People get old. People get disinterested, want to come home at night after a day’s work or simply believe they are entitled to an air conditioned and heated job environment. People just don’t find the working in the construction market appealing. For whatever the reason, the underground construction market is increasingly feeling the pinch of a limited labor pool.
Two of the primary benefits of trenchless construction and rehabilitation technologies are their capabilities of replacing or rehabilitating failing pipelines in locations where it is impractical or impossible to perform extensive excavations.
Texas-based contractor Laney Directional Drilling recently employed Direct Pipe technology to make an underground wetlands crossing on a segment of a major pipeline project in the Northeast United States.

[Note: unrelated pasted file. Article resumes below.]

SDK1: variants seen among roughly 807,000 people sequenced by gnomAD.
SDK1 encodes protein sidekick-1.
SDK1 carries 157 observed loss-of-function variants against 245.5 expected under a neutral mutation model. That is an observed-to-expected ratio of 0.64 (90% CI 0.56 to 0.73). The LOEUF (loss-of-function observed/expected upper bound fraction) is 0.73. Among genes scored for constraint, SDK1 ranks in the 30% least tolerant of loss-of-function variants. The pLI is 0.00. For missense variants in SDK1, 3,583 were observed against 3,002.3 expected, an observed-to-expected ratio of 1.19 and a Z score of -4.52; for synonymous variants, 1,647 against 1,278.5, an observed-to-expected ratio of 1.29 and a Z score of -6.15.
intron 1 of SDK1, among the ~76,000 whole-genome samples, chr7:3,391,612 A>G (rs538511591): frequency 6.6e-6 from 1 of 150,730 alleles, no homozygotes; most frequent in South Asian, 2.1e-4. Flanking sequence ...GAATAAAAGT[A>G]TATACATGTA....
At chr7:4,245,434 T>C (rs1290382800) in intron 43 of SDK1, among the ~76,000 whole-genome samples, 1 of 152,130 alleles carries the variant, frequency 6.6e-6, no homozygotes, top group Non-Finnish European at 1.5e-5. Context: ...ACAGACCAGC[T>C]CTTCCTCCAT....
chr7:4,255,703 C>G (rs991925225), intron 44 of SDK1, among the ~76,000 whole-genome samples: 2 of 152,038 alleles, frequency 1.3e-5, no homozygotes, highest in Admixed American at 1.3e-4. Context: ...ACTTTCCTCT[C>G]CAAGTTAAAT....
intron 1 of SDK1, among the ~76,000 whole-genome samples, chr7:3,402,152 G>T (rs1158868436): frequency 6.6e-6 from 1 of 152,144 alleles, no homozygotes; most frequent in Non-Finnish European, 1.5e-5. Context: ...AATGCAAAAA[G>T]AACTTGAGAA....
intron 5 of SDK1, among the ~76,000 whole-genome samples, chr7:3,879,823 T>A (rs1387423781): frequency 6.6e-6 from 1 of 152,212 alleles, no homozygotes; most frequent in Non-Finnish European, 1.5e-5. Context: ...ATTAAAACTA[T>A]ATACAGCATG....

Centrifugally cast, fiberglass-reinforced, polymer mortar HOBAS pipe is suitable for new construction and rehab of critical installations including storm and sanitary sewers, potable water and corrosive environments.
The Associated Press reports that the Public Service Commission of North Dakota last year approved more than $1 billion worth of energy-related projects, and officials expect at least that level of activity in 2014.
Recently announced Department of Labor (DOL) statics show that the unionized private-sector workforce grew in 2013 to about 8.1 million workers, the most since 2009 and an increase of 277,000 workers from 2012, as reported by the Pipe Line Contractors Association.